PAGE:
JUNE 29, 2022
Rules not to blame for porpoising says Smedley
Formula 1's new ground-effect regulations have been a success, according to former long-time Ferrari engineer Rob Smedley.
The Briton is now data systems director and technical consultant for the Liberty Media-owned Formula One Group, in charge of about 100 people charged with analysing information to improve the sport's 'show'.
"We have transferred methods of data analysis in the entertainment world to F1," he told La Gazzetta dello Sport.
"Formula 1 is a very complex sport so the goal is to get the public more involved, especially young people, who can use their smartphones to make pitstop strategies and other elements of the races more understandable."
Many experts, including the teams themselves, were sceptical that the radically different 'ground effect' cars would actually improve the show in 2022 and beyond.
Most of those bosses now admit they were wrong.
"It's nice to hear the comments, but that was just something that always happens when something new is introduced, and in this case it was a huge change," said Smedley.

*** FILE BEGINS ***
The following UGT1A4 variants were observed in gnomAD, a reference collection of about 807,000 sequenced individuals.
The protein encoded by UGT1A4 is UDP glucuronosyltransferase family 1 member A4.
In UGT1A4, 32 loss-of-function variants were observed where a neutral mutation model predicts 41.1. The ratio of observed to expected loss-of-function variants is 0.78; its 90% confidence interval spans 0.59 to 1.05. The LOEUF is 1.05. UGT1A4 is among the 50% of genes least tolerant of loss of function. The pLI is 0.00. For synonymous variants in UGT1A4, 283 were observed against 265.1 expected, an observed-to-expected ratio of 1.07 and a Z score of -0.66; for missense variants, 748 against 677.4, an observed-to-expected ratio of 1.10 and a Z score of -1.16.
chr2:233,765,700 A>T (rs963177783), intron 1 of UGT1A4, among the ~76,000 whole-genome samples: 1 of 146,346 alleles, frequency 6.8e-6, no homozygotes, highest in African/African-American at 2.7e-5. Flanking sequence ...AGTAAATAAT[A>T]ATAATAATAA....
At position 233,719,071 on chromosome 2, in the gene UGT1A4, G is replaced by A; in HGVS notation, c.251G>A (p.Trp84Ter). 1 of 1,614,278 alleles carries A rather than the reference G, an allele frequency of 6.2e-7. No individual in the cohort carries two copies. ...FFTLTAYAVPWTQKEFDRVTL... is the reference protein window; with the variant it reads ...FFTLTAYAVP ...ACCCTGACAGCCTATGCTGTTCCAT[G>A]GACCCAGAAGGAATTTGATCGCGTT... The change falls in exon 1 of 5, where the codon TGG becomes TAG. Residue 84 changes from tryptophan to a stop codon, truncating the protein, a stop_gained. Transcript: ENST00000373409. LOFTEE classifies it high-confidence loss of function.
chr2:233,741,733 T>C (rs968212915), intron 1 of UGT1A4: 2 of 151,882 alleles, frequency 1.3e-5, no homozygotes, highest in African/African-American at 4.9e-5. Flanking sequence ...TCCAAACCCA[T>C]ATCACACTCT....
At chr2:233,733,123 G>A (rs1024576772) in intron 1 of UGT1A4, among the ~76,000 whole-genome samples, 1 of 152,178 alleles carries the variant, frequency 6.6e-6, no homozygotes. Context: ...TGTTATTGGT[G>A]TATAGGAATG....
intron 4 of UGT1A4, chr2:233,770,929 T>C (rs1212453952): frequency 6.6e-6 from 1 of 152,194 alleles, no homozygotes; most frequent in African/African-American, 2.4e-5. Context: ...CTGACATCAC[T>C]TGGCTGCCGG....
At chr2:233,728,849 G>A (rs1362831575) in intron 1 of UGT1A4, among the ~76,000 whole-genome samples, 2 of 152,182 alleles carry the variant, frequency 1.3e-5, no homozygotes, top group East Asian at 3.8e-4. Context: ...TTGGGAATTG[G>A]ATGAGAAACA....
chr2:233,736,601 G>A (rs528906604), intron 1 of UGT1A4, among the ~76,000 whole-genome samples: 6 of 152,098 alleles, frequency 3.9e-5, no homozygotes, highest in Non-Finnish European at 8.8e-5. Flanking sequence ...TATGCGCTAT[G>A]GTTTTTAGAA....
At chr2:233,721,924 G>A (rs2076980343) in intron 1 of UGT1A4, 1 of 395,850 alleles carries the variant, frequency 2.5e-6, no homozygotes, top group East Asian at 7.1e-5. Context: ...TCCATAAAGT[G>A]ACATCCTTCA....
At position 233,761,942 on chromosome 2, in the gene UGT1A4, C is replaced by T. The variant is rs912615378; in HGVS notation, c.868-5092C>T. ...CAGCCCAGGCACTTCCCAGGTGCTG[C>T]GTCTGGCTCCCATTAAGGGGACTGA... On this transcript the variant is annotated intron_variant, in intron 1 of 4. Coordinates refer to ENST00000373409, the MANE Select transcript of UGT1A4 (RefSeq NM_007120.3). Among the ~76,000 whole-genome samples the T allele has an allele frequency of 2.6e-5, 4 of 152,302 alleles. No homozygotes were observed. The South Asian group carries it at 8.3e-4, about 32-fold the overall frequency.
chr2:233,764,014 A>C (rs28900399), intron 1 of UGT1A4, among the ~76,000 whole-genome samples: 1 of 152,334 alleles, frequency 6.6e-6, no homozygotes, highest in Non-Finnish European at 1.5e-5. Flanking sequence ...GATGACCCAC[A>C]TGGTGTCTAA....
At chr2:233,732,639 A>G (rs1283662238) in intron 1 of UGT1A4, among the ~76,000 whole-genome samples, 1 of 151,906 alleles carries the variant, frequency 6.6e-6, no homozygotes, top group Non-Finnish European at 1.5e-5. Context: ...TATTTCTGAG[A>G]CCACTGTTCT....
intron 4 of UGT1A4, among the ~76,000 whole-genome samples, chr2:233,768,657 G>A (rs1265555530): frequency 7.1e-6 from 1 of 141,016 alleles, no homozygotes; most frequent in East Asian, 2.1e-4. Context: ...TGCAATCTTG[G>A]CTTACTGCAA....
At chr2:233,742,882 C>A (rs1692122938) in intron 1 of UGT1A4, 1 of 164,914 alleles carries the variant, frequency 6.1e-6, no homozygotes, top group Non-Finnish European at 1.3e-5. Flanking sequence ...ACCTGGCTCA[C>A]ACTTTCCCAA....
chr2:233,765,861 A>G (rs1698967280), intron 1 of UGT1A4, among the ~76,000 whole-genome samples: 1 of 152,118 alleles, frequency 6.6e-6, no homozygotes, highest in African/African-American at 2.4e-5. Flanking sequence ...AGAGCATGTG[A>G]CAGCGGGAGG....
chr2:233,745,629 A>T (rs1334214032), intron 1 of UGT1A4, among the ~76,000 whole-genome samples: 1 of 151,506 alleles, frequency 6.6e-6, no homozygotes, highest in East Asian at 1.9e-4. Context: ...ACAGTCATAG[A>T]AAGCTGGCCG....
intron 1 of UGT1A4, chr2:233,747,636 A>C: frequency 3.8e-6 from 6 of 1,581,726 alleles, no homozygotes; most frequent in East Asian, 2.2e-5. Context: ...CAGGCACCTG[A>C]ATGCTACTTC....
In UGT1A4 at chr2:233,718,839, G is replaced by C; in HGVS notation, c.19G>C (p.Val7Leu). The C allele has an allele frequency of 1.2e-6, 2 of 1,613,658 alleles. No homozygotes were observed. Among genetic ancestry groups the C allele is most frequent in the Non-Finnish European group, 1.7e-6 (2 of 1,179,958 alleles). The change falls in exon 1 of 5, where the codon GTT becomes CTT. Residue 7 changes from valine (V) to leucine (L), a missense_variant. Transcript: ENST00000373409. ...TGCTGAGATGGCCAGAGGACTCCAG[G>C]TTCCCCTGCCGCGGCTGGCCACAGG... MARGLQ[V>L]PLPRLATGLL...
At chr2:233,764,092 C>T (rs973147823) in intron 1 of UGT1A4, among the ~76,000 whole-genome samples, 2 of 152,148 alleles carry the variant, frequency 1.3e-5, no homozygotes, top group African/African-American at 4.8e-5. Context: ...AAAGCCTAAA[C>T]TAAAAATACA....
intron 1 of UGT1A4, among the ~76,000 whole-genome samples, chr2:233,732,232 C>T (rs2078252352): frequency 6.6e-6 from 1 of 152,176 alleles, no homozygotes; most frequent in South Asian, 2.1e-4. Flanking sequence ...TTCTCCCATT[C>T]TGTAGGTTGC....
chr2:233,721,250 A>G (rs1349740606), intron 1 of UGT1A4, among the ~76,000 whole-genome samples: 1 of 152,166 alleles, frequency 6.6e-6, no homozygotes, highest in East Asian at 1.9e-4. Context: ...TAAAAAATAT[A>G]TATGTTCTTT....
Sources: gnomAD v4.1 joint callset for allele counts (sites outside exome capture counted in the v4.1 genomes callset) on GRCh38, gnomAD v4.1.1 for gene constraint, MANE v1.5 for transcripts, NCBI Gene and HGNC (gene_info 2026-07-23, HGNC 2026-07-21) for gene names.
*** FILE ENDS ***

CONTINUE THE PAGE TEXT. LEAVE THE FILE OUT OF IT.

"But all the indications tell us that we have gone in the right direction. The ground-effect cars are already as fast as the 2021 cars and by the end of the season they could overtake them."
One major problem, however, has been the high-profile 'porpoising' phenomenon.
"It is a problem that occurs a little on some cars and a lot on others," said Smedley, who is most famous for having been Felipe Massa's race engineer.
"So it is not related to the regulations," he insists. "We must all work together to find a solution for the sake of the sport whilst ensuring safety.
"It is the teams that tend to favour performance by sacrificing the comfort of the driver," Smedley alleges.
What has impressed him, however, is the major step forward taken by his former team.
"We knew that someone could take a big step forward with the new rules and as a former Ferrari guy, I'm happy that it was them," said Smedley.
"Now they have the fastest car overall on various circuits. The reliability problems are linked to having pushed so hard," he insisted. "But it was necessary to take risks to get back to the top."